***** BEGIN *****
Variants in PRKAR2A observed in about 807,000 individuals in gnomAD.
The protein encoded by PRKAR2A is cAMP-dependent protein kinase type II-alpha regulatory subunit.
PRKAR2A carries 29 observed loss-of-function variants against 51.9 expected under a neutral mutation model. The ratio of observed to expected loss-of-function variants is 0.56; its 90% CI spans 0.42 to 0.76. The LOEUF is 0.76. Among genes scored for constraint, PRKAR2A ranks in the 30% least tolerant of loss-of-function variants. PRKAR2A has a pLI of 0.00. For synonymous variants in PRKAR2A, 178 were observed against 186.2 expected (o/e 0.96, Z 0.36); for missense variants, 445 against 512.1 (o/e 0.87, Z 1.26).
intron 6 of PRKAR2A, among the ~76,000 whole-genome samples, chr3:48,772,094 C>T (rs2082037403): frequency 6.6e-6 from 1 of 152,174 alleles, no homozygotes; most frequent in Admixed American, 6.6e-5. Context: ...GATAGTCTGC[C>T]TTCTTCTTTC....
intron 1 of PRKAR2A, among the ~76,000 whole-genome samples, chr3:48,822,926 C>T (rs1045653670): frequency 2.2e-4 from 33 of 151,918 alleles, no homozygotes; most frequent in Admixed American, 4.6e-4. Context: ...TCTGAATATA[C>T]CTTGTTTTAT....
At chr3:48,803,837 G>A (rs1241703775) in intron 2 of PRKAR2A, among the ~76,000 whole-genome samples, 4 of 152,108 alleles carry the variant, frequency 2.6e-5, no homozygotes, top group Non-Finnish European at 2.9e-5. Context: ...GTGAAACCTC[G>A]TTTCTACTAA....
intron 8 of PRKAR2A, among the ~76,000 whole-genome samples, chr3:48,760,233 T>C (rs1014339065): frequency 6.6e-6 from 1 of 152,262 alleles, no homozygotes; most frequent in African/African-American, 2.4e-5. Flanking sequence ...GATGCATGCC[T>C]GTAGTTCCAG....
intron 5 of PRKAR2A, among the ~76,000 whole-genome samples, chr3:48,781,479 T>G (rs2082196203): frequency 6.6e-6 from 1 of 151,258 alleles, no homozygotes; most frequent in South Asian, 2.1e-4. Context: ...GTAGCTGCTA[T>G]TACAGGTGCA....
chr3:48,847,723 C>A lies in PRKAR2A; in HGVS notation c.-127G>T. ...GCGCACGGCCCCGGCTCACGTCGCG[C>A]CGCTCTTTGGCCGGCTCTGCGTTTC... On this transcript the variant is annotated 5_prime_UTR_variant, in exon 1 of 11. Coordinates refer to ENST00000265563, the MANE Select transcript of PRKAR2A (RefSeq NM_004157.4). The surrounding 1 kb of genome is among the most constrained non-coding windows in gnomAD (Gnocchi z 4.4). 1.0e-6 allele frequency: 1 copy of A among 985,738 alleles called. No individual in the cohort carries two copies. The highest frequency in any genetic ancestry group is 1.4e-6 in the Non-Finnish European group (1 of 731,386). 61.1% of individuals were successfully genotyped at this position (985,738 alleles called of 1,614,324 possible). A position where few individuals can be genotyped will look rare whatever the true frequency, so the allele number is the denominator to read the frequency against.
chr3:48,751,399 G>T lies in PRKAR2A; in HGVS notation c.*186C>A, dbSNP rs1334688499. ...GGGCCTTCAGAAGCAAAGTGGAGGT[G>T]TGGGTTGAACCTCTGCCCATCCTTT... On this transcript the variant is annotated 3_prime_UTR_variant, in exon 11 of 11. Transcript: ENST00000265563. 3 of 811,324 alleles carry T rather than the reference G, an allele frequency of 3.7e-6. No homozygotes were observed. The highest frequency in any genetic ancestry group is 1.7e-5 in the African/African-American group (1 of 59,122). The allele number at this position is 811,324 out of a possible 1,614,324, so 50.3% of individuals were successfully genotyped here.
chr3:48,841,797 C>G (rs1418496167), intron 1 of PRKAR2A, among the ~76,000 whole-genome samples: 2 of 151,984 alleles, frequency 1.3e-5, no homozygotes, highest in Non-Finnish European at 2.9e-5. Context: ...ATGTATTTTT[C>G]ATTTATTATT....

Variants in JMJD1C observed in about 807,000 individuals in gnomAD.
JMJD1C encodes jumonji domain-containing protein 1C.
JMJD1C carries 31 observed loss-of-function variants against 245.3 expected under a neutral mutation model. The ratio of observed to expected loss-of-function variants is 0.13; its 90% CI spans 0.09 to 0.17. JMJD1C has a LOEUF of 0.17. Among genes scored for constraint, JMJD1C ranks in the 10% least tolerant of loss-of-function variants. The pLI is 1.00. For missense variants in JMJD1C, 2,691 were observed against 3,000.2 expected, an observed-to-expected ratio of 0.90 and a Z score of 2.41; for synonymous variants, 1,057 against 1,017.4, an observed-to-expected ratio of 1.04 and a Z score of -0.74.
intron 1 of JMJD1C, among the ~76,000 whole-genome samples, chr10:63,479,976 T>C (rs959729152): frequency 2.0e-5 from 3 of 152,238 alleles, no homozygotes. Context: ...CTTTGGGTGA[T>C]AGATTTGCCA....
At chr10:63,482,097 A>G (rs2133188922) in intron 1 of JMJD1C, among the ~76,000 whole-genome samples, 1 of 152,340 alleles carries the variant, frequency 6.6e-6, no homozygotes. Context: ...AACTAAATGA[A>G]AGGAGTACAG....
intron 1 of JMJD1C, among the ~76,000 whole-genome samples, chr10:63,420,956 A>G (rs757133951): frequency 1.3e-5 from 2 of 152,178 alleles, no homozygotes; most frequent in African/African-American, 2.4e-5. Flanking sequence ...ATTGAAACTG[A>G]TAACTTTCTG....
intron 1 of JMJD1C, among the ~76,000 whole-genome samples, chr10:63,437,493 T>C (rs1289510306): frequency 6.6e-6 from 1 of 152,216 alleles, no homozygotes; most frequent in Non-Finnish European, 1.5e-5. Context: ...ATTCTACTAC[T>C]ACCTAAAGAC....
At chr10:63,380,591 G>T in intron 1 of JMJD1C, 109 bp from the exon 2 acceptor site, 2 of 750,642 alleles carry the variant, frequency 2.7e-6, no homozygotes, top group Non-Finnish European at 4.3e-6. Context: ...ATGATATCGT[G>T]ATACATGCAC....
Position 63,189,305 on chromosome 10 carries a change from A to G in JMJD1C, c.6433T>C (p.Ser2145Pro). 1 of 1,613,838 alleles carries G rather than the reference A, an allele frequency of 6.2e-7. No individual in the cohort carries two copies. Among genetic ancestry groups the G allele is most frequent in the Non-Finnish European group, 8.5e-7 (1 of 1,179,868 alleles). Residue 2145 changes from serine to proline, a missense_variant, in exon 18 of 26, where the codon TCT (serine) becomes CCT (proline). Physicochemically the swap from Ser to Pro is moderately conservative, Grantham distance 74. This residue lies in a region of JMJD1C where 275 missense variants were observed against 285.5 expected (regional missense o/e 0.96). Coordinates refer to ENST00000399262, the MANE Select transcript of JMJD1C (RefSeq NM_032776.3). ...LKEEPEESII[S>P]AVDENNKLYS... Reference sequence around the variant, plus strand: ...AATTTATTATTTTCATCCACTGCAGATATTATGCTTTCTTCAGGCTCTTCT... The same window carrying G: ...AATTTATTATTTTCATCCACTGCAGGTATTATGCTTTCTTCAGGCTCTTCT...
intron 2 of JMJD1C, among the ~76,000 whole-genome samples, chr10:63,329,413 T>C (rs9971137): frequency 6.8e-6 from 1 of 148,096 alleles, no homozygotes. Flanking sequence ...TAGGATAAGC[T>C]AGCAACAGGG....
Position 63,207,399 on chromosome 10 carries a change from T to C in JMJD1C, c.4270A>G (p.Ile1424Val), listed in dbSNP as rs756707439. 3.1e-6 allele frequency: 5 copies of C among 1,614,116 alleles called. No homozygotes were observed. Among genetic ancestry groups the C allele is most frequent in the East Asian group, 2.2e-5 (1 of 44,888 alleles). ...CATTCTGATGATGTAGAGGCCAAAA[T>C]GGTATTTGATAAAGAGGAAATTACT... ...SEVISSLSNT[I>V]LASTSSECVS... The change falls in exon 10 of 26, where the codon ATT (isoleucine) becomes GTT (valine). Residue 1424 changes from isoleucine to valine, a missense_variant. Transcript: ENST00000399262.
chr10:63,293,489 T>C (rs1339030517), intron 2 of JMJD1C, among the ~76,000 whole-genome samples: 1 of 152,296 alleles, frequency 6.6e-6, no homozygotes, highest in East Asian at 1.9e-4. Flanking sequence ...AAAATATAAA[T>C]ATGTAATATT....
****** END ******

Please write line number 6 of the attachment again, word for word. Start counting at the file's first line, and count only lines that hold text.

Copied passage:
At chr3:48,803,837 G>A (rs1241703775) in intron 2 of PRKAR2A, among the ~76,000 whole-genome samples, 4 of 152,108 alleles carry the variant, frequency 2.6e-5, no homozygotes, top group Non-Finnish European at 2.9e-5. Context: ...GTGAAACCTC[G>A]TTTCTACTAA....